Updated: Oct 4, 2020
Brain Death & the deceleration:
According to THOA, 1994 “deceased person” is someone who lost all evidence of life because:
a) all functions of brain stem have permanently and irreversibly ceased;
b) or in case of cardiac arrests at any time after live birth has taken place.
Even though is a concept of the declaration of death, the idea in India is only used regarding organ donations. The idea comes more from the UK system than the one followed in most of the States in the US. The US supports the concept of whole-brain death to declare someone dead and giving the deceased a potential donor tag.
In India, legal processes guard these death declarations, which are to be fulfilled by specific doctors (neurologists, neurosurgeons, intensivists, anaesthetists and physicians of MD Level approved by the Government of India). Two different doctors are supposed to perform two different tests at intervals of 6 hours, individually and independently. After the second test, one has to approach the family of the deceased regarding organ donation. Rahul Pandit et al. tried to demystify the concept of brain death and legal procedure according to Indian legislation in their research. An NGO working in the southern part of India has also tried educating intensive care personals and the general public about the concept and exact procedure and checklist to be followed to declare someone brain dead and tag as the potential organ donor.
Brain death is commonly caused by:
1. Spontaneous intracranial haemorrhage
2. Head injuries due to motor vehicle accidents, recreational and industrial accidents, gunshot assaults.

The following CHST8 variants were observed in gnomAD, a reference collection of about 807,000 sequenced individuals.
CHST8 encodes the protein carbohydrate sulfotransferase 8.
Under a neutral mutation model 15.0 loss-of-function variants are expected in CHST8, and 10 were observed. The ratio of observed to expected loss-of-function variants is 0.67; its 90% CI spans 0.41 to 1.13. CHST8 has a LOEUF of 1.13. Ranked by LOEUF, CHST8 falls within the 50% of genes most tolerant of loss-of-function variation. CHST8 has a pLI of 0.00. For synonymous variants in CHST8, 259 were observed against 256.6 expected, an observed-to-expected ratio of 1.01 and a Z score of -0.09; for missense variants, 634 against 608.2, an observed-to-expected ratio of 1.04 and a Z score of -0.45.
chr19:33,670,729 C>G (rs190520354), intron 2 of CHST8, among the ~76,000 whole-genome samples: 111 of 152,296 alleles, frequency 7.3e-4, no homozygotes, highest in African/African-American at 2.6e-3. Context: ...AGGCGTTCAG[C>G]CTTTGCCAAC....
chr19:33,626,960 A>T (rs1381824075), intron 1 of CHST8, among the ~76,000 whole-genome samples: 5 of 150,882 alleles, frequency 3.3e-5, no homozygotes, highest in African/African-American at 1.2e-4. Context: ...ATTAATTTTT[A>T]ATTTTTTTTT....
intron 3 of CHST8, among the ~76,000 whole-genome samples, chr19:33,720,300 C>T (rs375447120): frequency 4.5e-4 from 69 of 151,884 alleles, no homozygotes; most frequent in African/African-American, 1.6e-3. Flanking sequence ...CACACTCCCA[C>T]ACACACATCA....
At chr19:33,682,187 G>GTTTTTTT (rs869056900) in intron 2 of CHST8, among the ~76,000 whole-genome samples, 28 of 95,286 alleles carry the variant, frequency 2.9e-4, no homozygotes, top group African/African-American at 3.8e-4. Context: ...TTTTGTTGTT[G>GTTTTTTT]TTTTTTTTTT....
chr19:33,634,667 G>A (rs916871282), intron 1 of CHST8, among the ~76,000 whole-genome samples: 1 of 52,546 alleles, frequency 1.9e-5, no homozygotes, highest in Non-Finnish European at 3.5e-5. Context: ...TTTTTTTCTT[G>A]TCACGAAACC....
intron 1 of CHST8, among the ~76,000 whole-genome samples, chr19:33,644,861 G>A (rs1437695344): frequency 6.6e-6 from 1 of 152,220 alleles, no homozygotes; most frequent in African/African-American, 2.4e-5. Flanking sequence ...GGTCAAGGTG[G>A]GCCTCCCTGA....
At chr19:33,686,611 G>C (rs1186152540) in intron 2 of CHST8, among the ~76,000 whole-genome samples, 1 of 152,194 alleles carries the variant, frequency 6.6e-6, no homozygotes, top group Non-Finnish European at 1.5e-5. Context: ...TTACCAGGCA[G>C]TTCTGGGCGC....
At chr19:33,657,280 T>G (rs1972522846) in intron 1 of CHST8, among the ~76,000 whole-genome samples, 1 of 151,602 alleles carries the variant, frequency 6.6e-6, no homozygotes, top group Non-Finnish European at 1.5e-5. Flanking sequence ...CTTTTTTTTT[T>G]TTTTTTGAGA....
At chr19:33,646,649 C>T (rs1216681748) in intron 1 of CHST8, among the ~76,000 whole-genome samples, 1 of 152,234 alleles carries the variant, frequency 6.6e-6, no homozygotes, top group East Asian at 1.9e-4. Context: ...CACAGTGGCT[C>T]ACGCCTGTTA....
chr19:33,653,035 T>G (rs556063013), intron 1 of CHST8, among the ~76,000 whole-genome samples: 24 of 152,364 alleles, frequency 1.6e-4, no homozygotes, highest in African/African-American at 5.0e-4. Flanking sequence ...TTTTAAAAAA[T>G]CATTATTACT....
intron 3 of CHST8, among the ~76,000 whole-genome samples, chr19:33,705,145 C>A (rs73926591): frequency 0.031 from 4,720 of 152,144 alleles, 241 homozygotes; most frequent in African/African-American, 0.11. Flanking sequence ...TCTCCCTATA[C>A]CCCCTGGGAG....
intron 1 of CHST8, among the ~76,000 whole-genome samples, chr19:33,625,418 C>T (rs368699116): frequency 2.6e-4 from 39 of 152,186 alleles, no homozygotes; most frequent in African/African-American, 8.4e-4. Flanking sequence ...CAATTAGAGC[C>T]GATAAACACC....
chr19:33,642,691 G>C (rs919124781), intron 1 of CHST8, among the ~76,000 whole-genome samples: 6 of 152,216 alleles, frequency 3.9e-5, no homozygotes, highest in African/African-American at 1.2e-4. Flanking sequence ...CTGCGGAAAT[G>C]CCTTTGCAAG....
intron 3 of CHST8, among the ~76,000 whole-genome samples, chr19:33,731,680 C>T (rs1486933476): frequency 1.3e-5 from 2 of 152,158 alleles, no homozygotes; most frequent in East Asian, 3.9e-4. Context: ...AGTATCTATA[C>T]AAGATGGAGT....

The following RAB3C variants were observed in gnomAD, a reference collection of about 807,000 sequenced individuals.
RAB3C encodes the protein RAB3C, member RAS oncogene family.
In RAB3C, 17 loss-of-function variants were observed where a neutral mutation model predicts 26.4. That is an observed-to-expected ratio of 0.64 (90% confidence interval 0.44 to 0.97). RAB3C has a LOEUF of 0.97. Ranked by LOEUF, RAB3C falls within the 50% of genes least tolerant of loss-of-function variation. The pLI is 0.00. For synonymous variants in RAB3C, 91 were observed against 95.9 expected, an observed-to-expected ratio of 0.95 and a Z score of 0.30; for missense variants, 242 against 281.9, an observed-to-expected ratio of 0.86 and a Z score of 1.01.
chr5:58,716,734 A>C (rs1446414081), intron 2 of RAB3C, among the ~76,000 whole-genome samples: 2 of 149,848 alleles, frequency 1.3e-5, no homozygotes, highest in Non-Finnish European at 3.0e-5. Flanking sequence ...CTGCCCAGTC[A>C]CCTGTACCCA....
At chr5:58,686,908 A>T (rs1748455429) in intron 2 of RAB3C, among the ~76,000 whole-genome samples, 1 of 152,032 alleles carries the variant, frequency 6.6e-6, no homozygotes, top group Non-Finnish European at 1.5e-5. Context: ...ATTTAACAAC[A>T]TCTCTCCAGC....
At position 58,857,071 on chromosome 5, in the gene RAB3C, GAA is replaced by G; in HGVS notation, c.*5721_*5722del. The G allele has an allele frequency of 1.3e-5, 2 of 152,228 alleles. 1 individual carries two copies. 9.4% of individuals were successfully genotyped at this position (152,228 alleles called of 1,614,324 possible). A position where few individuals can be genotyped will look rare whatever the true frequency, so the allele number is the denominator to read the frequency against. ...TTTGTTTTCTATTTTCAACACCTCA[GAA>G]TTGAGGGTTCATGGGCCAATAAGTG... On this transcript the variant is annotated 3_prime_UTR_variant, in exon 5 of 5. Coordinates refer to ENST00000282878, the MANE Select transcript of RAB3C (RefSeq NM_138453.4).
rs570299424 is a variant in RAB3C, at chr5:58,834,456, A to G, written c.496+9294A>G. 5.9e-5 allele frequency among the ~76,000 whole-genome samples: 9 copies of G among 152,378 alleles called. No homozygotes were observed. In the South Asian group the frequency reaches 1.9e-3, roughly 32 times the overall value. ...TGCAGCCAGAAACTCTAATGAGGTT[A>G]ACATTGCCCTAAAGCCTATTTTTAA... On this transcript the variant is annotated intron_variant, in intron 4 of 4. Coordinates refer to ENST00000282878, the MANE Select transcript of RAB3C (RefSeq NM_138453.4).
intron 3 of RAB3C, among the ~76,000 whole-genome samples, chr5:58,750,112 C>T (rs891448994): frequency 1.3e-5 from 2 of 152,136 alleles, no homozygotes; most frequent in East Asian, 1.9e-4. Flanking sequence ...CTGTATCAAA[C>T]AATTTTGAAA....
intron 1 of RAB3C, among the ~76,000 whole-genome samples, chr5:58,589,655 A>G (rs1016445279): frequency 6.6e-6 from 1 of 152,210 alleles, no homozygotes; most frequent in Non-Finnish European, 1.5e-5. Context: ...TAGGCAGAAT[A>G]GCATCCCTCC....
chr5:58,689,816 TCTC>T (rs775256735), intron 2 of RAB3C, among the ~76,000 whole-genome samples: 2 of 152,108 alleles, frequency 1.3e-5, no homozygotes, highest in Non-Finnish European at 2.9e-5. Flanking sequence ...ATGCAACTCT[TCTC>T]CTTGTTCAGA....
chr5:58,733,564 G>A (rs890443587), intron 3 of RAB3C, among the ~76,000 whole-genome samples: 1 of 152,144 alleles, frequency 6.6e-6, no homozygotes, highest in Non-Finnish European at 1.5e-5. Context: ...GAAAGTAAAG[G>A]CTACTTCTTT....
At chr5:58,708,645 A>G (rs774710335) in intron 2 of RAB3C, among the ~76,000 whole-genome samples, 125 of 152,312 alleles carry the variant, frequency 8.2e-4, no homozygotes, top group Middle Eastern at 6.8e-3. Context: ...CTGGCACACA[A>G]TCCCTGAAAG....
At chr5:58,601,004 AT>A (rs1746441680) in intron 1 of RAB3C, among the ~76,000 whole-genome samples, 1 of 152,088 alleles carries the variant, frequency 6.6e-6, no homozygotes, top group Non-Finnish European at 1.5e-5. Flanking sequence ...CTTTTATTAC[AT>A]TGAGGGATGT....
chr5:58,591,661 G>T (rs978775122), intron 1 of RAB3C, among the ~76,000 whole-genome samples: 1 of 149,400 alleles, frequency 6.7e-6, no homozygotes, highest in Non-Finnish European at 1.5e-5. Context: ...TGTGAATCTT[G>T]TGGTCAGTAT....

3. Cerebral anoxia/ischemic injury (cardiac arrest due to asthma, asphyxiation, drug overdose, hanging, drowning, meningitis, carbon monoxide, poisoning or primary cardiac arrest)
4. Primary cerebral tumour
Once the brain death is declared, the next step within the organ donation process is the family consent in case the deceased has already been registered in the organ registry. Family consent is the most important aspect of the process and plays a major role in low organ retrieval rates in various countries (also India)
Regulations concerning the consent process
If the deceased at any point in his/her life has pledged his organs, to recover his/her organs consultation is required from his/her near relative.
If the deceased has never opted against donating his/her organs then to recover his/her organs affirmative consent from his/her near relative is a must.
Relatives right to veto
In the absence of explicit consent from the deceased, relatives have full power to give or revoke the organ donation consent.
The hierarchy of close family is as follows:
a nominated representative;
friend of long standing.
This is the third article of Organ donation knowledge sharing series, the next article will focus on the impacting factors for negative family consent rates in countries like India.